Fundamenta Informaticae XX (2007) 1–28
1
IOS Press
Bounded Model Checking for the ExistentialFragment of TCTL
−
G
and Diagonal Timed Automata
∗
Bo˙zena Wo´zna
†‡
and Andrzej Zbrzezny
Institute of Mathematics and Computer Science, Jan Długosz University Al. Armii Krajowej 13/15, 42200 Cze¸stochowa, Poland
{
b.wozna,a.zbrzezny
}
@ajd.czest.pl
Abstract.
Bounded Model Checking (BMC) is one of the well known SAT based symbolic modelchecking techniques. It consists in searching for a counterexample of a particular length, and generating a propositional formula that is satisﬁable iff such a counterexample exists. The BMC methodis feasible for the various classes of temporal logic; in particular it is feasible for TECTL (the existential fragment of Time Computation Tree Logic) and Diagonalfree Timed Automata. The maincontribution of the paper is to show that the concept of Bounded Model Checking can be extendedto deal with TECTL
−
G
properties of Diagonal Timed Automata. We have implemented our newBMC algorithm, and we present preliminary experimental results, which demonstrate the efﬁciencyof the method.
1. Introduction
Model checking
is a veriﬁcation technique that was srcinally developed for (untimed) temporal logics[8]. Its main idea is to represent a ﬁnite state system, often deriving from a hardware or software design,as a labelled transition system (model), to represent a speciﬁcation (property) by a modal formula, andto check automatically whether the formula holds in the model.Over the past few years, the interest in automated veriﬁcation has been moved towards concurrentrealtime systems, and now veriﬁcation of such systems is an active area of research. Various classes of models for real time systems have been proposed in the literature, but Timed Automata [2] and Timed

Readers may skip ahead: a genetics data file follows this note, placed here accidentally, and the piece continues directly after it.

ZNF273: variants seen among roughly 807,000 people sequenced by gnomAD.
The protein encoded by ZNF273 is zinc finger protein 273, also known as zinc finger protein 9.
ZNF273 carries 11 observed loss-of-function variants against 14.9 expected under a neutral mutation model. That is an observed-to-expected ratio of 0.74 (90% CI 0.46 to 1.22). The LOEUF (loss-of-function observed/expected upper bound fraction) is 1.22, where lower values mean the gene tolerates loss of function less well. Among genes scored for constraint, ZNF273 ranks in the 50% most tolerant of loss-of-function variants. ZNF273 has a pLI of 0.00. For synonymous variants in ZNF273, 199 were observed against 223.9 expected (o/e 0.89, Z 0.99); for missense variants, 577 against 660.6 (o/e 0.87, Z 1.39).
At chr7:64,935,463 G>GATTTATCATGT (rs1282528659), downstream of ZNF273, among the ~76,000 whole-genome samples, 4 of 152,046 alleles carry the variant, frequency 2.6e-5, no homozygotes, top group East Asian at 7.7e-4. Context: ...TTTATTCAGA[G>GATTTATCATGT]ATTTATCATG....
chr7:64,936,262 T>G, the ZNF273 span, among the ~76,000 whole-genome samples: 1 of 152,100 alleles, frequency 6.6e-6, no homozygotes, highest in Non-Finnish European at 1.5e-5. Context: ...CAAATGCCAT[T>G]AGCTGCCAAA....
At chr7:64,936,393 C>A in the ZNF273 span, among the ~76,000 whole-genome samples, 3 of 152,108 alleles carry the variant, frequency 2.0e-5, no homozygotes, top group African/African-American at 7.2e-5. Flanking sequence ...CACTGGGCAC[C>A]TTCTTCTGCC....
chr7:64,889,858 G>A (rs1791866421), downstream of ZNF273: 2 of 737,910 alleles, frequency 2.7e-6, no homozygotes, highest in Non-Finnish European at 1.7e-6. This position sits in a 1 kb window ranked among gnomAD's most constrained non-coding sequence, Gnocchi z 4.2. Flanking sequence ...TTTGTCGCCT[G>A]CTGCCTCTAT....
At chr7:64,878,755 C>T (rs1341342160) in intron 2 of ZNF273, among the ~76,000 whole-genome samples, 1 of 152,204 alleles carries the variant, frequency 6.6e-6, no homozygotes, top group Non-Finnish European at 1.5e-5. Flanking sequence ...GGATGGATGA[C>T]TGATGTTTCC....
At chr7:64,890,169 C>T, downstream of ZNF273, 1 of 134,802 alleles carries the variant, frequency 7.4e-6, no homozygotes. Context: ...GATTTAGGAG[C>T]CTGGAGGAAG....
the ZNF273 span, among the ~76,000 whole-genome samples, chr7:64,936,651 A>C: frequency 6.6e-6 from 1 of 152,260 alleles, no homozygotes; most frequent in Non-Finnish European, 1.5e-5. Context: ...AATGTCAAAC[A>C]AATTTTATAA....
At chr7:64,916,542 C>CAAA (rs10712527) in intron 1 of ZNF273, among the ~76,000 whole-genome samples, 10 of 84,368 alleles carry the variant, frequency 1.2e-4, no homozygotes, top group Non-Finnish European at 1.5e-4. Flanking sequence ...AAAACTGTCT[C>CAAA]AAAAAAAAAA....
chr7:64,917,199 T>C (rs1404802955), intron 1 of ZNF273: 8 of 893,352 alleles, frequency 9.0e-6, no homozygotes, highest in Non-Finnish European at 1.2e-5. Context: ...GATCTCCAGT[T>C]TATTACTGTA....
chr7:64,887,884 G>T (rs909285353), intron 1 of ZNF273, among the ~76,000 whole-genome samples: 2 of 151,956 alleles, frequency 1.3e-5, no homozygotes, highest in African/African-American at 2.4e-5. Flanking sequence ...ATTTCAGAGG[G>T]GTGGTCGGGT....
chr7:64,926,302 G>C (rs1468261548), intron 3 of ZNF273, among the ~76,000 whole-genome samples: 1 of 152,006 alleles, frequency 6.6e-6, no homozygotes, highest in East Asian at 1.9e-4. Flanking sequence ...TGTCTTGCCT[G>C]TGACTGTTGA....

∗
The authors acknowledge support from the research grant No. 3T11C01128
†
The research presented here was mainly conducted while B. Wo´zna was supported by EPSRC (grant GR/S49353).
‡
Address for correspondence: Institute of Mathematics and Computer Science, Jan Długosz University, Al. Armii Krajowej13/15, 42200 Cze¸stochowa, Poland
2
B. Wo´ zna and A. Zbrzezny/BMC for
TECTL
−
G
and Diagonal Timed Automata
Petri Nets [20] are the best known ones. The properties to be veriﬁed are usually expressed eitherin standard temporal logics like LTL [8] and CTL [13], or in their timed versions like MITL [3] andTCTL [1]. In the paper we have decided to consider a restricted version of TCTL, since the modelchecking problem for branching time logics is decidable and PSPACEcomplete in contrary to the modelchecking problem for MITL that is decidable but EXPSPACEcomplete [28].The practical applicability of the model checking method is strongly restricted by socalled the